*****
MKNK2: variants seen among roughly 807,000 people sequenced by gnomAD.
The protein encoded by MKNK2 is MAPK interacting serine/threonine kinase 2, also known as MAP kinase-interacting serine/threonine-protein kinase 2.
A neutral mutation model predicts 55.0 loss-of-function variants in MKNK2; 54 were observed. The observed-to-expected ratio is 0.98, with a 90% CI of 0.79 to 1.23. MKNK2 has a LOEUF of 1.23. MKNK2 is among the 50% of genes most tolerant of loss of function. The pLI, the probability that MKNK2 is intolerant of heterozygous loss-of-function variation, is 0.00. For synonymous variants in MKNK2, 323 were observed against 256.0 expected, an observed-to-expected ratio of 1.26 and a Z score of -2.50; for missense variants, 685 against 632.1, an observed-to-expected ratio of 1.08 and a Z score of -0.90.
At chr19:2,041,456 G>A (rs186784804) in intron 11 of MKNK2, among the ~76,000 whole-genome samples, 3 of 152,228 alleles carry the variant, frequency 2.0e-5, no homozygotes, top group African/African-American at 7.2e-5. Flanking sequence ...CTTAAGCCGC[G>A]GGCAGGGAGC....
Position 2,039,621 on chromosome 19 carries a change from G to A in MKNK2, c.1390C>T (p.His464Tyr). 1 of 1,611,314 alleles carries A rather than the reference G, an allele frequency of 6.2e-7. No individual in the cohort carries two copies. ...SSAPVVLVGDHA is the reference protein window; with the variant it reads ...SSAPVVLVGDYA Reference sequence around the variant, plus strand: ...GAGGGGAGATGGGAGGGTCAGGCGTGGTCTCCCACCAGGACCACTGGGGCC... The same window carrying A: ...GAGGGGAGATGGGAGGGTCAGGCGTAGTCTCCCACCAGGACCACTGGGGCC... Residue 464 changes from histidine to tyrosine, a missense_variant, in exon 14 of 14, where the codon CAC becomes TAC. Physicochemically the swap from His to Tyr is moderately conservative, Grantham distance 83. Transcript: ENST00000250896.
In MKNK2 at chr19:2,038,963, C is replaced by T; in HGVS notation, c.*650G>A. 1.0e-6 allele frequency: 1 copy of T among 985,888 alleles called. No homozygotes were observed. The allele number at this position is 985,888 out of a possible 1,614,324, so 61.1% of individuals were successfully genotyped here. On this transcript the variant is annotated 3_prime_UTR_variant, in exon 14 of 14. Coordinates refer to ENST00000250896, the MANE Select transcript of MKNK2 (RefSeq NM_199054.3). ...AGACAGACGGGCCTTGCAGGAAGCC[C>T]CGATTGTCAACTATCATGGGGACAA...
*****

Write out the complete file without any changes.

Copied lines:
MKNK2: variants seen among roughly 807,000 people sequenced by gnomAD.
The protein encoded by MKNK2 is MAPK interacting serine/threonine kinase 2, also known as MAP kinase-interacting serine/threonine-protein kinase 2.
A neutral mutation model predicts 55.0 loss-of-function variants in MKNK2; 54 were observed. The observed-to-expected ratio is 0.98, with a 90% CI of 0.79 to 1.23. MKNK2 has a LOEUF of 1.23. MKNK2 is among the 50% of genes most tolerant of loss of function. The pLI, the probability that MKNK2 is intolerant of heterozygous loss-of-function variation, is 0.00. For synonymous variants in MKNK2, 323 were observed against 256.0 expected, an observed-to-expected ratio of 1.26 and a Z score of -2.50; for missense variants, 685 against 632.1, an observed-to-expected ratio of 1.08 and a Z score of -0.90.
At chr19:2,041,456 G>A (rs186784804) in intron 11 of MKNK2, among the ~76,000 whole-genome samples, 3 of 152,228 alleles carry the variant, frequency 2.0e-5, no homozygotes, top group African/African-American at 7.2e-5. Flanking sequence ...CTTAAGCCGC[G>A]GGCAGGGAGC....
Position 2,039,621 on chromosome 19 carries a change from G to A in MKNK2, c.1390C>T (p.His464Tyr). 1 of 1,611,314 alleles carries A rather than the reference G, an allele frequency of 6.2e-7. No individual in the cohort carries two copies. ...SSAPVVLVGDHA is the reference protein window; with the variant it reads ...SSAPVVLVGDYA Reference sequence around the variant, plus strand: ...GAGGGGAGATGGGAGGGTCAGGCGTGGTCTCCCACCAGGACCACTGGGGCC... The same window carrying A: ...GAGGGGAGATGGGAGGGTCAGGCGTAGTCTCCCACCAGGACCACTGGGGCC... Residue 464 changes from histidine to tyrosine, a missense_variant, in exon 14 of 14, where the codon CAC becomes TAC. Physicochemically the swap from His to Tyr is moderately conservative, Grantham distance 83. Transcript: ENST00000250896.
In MKNK2 at chr19:2,038,963, C is replaced by T; in HGVS notation, c.*650G>A. 1.0e-6 allele frequency: 1 copy of T among 985,888 alleles called. No homozygotes were observed. The allele number at this position is 985,888 out of a possible 1,614,324, so 61.1% of individuals were successfully genotyped here. On this transcript the variant is annotated 3_prime_UTR_variant, in exon 14 of 14. Coordinates refer to ENST00000250896, the MANE Select transcript of MKNK2 (RefSeq NM_199054.3). ...AGACAGACGGGCCTTGCAGGAAGCC[C>T]CGATTGTCAACTATCATGGGGACAA...